The bottom line is that higher ed needs to prove to high school graduates and college students that their investment in time and money will pay off. How can a higher education institution show that college is worth it? How can we keep students from dropping out?



Having a disjointed learning experience

Not only does the data show a drop in student graduation rates, but students who attend community colleges — as well as other higher education institutions — often do not always receive a holistic learning experience.


This is a problem across all of higher education: a lack of a connected learning experience. Most colleges offer their students a collection of courses in order for them to earn a degree, but few truly connect what students learn at their university to their careers and lives.



This disconnect leaves students wondering, "Why should I spend this money for college when I can enter the workforce now?"


Community colleges are also typically commuter campuses with non-traditional age students which means they may have a wider array of life experiences, commitments, and responsibilities compared to those who live in dorms at four-year universities. Because of this, students have a higher chance of feeling isolated from their peers and may be less likely to reach out for help which may result in dropping out entirely.


Connecting the learning experience by giving students opportunities across their entire learning journey to 1) form community with their peers and instructors, at their own pace 2) reflect on real connections in their studies to their careers, and 3) receive academic and emotional support is critical for community colleges so they can retain more of their student body. If getting a college education doesn't meet the needs of the modern student, we will continue to see a decline in postsecondary enrollment and retention.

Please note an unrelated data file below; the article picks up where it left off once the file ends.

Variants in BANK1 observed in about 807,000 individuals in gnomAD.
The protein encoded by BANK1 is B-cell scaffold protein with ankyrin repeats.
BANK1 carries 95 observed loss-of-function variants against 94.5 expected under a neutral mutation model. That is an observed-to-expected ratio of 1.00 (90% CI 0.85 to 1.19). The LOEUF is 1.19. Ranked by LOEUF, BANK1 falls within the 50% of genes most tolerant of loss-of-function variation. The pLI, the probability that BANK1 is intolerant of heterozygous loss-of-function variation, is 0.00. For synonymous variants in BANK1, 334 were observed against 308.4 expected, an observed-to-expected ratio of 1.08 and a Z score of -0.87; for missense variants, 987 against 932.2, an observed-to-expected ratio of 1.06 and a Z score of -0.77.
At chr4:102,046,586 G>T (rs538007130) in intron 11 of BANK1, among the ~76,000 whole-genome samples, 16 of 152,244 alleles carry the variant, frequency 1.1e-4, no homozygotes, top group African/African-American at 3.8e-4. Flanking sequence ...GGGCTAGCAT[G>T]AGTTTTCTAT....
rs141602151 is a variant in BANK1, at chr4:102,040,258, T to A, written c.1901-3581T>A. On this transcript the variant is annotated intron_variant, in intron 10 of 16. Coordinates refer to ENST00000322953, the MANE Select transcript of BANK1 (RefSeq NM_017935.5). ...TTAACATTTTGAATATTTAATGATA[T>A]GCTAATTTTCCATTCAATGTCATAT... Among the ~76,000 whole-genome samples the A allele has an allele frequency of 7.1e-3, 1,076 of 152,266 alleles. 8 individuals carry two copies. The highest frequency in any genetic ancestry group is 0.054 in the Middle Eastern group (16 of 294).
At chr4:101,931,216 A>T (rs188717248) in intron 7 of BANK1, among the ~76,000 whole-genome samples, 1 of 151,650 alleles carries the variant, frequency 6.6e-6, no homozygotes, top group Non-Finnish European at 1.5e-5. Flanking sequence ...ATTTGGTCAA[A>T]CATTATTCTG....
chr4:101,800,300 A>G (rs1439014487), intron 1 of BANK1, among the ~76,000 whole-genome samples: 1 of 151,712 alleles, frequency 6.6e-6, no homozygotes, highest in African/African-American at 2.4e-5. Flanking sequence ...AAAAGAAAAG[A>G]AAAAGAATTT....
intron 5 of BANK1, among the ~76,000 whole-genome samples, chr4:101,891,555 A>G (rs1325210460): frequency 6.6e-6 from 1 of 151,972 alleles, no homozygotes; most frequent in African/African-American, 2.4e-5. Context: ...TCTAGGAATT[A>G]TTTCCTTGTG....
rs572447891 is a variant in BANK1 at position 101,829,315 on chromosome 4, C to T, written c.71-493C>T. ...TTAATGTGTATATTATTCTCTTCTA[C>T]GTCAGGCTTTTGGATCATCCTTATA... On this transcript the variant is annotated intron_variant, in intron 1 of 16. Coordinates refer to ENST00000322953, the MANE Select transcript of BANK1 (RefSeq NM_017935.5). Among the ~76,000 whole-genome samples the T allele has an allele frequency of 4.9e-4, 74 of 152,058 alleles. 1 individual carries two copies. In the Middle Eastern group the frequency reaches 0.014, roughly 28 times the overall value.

What can we do to see positive enrollment and retention trends?


Meet the needs of the modern learner

At the start of the pandemic, colleges and universities were forced to search for solutions when nearly every institution in the world closed its doors and students had to learn at home. Students weren't told that their education had to be put on hold but instead continued their education online.


This is a prime example of higher education adapting to the needs of its students. Higher ed recognized how important it was to build a more robust online learning infrastructure, and nearly every college went online — seemingly overnight.


If a university can make these vast changes so quickly, it is surely possible to make structural changes to education systems in order to ensure we meet the needs of every student.


One simple step institutions can take to improve enrollment and retention is to enable the opportunity for informal, meaningful interactions between students, especially in distance learning or commuter campus settings. Some quick community examples institutions can create with Yellowdig are below:

  1. Pre-enrollment communities: have prospective students interact with current student ambassadors and other prospective students to gain a deeper understanding of your institution.

  2. Welcome communities: Admitted students have many pre-college jitters. Enable students to support each other, make friends, and navigate their new experiences together.

  3. Course communities: Student engagement has a direct positive effect on student satisfaction. Enable learners to discuss, debate, and explore course concepts with their peers, while bringing in relevant connections to their real careers and lives.